“But you wouldn’t believe what he did to me!”
“And he says he is a Christian.”
“It is just way too hard to forgive her for what she did.”
“She didn’t act like she was sorry when she apologized.”
In Luke 17, Jesus implores his followers to work with people of all types with the utmost respect and dignity. To further drive the point home regarding dealing with people and their issues, John Calvin makes a good argument. We have no choice but to forgive people when they repent and ask for forgiveness.
If anyone, therefore, appears before you who is in need of your kind services, you have no reason to refuse him your help.
Suppose he is a stranger; yet the Lord has pressed his own stamp on him and made him as one of your family, and he forbids you to despise your own flesh and blood.
Suppose he is despicable and worthless; yet the Lord has deigned him worthy to be adorned with his own image.
Suppose that you have no obligation toward him for services; yet the Lord has made him as it were his substitute, so that you have obligation for numerous and unforgettable benefits.
Suppose that he is unworthy of your least exertion; but the image of God which recommends him to you deserves that you surrender yourself and all your possessions to him.
If he has deserved no kindness, but just the opposite, because he has maddened you with his injuries and insults, even this is no reaosn why you should not surround him with your affection and show him all sorts of favors.
You may say that he has deserved a very difficult treatment, but what does the Lord command but to forgive all men their offenses and to charge them against himself? (Calvin, GBTCL, 37-38)
One must constantly be on the look out for danger signs in their spiritual health. Whether you have a built in meter to help with this, or you have a friend or spouse super willing to bring up stagnancy, which may lead to sin, spiritual health is critical. Holistically speaking our spiritual health is inexorably tied to our mental and physical health. So it is vital that we keep all parts of our beings maintained and running healthily.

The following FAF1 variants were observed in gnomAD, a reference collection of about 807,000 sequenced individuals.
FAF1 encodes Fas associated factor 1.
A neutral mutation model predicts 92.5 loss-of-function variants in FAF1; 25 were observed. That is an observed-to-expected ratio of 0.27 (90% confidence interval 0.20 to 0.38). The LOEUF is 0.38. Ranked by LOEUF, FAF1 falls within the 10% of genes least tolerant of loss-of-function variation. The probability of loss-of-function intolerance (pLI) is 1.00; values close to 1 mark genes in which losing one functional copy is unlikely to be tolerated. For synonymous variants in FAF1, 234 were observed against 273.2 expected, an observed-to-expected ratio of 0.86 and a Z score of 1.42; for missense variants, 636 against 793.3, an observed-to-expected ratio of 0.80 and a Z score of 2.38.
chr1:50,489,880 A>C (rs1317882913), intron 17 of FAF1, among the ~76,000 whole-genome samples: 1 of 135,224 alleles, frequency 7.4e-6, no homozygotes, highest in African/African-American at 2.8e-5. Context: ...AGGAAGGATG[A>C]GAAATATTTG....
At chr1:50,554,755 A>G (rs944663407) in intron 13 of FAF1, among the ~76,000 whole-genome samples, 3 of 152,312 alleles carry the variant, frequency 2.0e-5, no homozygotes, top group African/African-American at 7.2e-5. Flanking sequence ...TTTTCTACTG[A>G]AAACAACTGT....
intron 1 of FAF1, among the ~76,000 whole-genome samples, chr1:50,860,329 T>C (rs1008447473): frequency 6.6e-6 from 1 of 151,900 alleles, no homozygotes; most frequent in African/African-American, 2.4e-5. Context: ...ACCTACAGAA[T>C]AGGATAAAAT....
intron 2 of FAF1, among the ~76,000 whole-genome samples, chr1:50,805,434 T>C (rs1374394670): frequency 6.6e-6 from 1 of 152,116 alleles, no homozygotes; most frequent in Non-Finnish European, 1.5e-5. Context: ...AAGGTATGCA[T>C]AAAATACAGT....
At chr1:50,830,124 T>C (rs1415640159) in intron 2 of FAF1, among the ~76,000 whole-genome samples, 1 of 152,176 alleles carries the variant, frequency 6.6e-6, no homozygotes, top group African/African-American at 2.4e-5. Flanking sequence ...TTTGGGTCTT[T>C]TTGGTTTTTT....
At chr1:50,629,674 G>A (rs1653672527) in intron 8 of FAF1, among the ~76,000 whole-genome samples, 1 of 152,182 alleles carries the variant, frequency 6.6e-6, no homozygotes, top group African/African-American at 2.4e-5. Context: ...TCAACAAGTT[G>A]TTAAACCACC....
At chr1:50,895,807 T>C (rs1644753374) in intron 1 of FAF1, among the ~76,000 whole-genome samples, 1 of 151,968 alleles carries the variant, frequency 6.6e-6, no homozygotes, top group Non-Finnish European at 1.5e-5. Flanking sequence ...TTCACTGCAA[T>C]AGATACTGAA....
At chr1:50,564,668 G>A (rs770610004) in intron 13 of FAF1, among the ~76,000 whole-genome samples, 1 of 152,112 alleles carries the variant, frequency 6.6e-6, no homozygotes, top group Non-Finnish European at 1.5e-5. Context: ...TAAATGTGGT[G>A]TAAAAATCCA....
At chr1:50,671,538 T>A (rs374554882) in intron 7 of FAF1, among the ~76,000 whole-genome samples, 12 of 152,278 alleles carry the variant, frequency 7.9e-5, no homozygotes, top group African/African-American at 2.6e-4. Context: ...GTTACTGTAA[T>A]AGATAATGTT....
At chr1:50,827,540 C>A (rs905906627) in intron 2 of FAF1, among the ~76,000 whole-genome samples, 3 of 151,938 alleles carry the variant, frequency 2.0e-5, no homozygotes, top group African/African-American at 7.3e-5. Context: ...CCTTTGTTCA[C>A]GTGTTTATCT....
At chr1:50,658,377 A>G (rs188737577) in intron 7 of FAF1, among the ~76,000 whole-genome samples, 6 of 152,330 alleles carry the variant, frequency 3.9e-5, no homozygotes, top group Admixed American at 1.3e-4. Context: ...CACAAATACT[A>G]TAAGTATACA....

In an effort to find fresh ways of feeding my soul, I have prayed and decided to audit a class at DenSem called “Reading the Spiritual Masters.” It is my goal to really stick with it as most MDiv grads who do an audit like this tend to fall off pretty quickly when there is no risk on the line.
One of the reasons I chose this class is the prof. Howard Baker is a really cool man who has helped shape some of my faith practices.
I have already received the books and begun to meditate on some of the material. One of the books is a tractate titled “Golden Booklet of the True Christian Life” by John Calvin (I’ll call it GBTCL from now on). Typically John Calvin is not one of my more favorite reads. First, they are usually more of a magnum opus and secondly, the interpreters of his French and Latin don’t work for my sophomoric mind. However this small volume is interpreted more palatably for my vocabulary.
A long introduction to a short paragraph about scripture:
The goal of the new life is that God’s children exhibit melody and harmony in their conduct. What melody? The song of God’s justice. What harmony? The harmony between god’s righteousness and our obedience.
Only if we walk in the beauty of God’s law do we become sure of our adoption as children of the Father.
The law of God contains in itself the dynamic of the new life by which his image is fully restored in us; but by nature we are sluggish, and therefore we need to be simulated, aided in our efforts by a guiding principle.
A sincere repentance from the heart does not guarantee that we shall not wander from the straight path and sometimes become bewildered.
Let us then search scripture to find the root principle for the reformation of our life.
In the words of the most interesting man in the world, “Stay thirsty my friends.”
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Tagged Denver Seminary, GBTCL, Golden Booklet of the True Christian Life, Howard Baker, John Calvin, prayer, read, reading, repentance, scripture, soul, spiritual health